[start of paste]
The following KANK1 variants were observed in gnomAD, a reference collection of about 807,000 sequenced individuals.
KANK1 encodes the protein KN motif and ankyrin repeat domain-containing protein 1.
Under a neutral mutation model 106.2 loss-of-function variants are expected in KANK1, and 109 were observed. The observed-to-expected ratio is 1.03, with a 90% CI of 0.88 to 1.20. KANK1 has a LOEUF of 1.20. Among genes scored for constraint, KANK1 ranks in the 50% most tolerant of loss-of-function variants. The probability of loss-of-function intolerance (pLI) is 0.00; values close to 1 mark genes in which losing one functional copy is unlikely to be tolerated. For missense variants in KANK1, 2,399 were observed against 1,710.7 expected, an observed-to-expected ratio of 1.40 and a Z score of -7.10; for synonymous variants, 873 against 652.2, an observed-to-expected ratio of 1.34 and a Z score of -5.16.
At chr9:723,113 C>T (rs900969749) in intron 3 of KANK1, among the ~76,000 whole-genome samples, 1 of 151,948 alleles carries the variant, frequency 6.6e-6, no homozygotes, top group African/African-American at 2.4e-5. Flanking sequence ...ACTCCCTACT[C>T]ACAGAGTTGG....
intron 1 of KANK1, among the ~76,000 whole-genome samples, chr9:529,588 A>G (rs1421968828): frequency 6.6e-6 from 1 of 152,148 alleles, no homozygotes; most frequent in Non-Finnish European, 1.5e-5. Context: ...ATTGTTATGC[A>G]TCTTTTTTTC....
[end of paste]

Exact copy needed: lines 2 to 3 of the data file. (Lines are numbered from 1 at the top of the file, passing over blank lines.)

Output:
KANK1 encodes the protein KN motif and ankyrin repeat domain-containing protein 1.
Under a neutral mutation model 106.2 loss-of-function variants are expected in KANK1, and 109 were observed. The observed-to-expected ratio is 1.03, with a 90% CI of 0.88 to 1.20. KANK1 has a LOEUF of 1.20. Among genes scored for constraint, KANK1 ranks in the 50% most tolerant of loss-of-function variants. The probability of loss-of-function intolerance (pLI) is 0.00; values close to 1 mark genes in which losing one functional copy is unlikely to be tolerated. For missense variants in KANK1, 2,399 were observed against 1,710.7 expected, an observed-to-expected ratio of 1.40 and a Z score of -7.10; for synonymous variants, 873 against 652.2, an observed-to-expected ratio of 1.34 and a Z score of -5.16.